Ladies with Letters: Classical Love

the-love-letter-1913With its dreamy, classical backdrop, John William Godward’s painting of a young woman reading a letter—titled as usual, “The Love Letter”—is a languorous fantasy of blue water and veined marble.

The well-heeled patrons who could afford to hang original art on their walls usually had a strong grounding in the classics, so Godward studied Greek and Roman architecture and attire to infuse his painted worlds with accurate details. Note the rust-colored staining along the marble seams, as though rain had worked its way into the cracks over the years.

The artist’s traditional British family did not approve of his career path, so they totally washed their hands of him when he moved to Italy with one of his models in 1912. This painting is dated 1913, so might the woman reading so intently be his partner in scandal?

Unfortunately, Godward’s Neo-Classical style became passe in the early 20th century with the eruption onto the art scene of surrealism, futurism, abstract art, and other avant garde styles. His career faltered, and he committed suicide at age 61, supposedly saying that “the world was not big enough” for him and a Picasso.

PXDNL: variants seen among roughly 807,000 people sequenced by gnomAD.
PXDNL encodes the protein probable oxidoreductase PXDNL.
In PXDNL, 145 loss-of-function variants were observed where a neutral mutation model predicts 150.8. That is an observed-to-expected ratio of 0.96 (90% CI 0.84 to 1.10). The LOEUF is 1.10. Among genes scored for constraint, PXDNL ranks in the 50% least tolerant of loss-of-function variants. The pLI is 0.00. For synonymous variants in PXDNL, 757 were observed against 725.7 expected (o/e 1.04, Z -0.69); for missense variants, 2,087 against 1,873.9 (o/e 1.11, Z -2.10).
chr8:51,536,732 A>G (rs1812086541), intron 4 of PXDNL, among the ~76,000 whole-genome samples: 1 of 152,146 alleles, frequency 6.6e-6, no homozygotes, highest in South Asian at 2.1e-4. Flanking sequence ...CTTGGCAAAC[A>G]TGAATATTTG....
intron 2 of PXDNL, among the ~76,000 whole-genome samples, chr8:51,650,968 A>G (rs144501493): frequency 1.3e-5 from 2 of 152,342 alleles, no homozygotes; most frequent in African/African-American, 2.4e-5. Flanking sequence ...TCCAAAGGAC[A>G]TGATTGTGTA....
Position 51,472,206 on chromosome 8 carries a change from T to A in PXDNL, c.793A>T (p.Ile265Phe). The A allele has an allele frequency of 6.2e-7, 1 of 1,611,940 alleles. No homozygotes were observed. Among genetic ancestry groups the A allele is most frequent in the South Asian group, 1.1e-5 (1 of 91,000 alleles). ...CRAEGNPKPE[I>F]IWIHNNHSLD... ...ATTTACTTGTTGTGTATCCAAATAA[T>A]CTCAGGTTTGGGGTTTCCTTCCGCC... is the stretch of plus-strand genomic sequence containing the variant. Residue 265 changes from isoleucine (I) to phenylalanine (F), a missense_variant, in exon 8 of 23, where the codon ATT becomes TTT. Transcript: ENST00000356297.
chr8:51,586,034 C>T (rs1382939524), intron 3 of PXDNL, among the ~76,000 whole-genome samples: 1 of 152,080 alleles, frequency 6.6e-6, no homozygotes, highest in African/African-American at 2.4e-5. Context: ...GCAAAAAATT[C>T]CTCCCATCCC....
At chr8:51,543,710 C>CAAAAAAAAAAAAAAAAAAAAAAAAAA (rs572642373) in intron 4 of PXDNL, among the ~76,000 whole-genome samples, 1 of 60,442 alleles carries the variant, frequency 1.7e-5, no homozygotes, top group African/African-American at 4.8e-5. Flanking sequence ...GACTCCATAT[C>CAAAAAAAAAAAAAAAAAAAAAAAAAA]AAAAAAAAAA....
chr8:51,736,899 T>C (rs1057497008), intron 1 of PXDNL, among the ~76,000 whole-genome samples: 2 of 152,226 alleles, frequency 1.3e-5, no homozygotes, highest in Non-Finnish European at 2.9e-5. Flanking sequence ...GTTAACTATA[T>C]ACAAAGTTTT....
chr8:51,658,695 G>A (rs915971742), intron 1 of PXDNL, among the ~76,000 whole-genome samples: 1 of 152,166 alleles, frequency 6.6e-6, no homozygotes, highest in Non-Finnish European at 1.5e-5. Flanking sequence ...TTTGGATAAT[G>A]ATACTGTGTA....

One of the last to paint subjects in classical settings, Godward reminds us how much the ancient world influenced European art, architecture and style for centuries.

Cards and other products featuring this painting are available in the Post Whistle Shop on Zazzle.

Visit the Ladies with Letters pin board on Pinterest.

One thought on “Ladies with Letters: Classical Love

  1. Phoebe Conn says:

    What a sad story! I wonder what happened to his model. Maybe she married a wealthy Italian who bought Godward’s work to have paintings of his wife. Someone should have had a happy ending besides Picasso!

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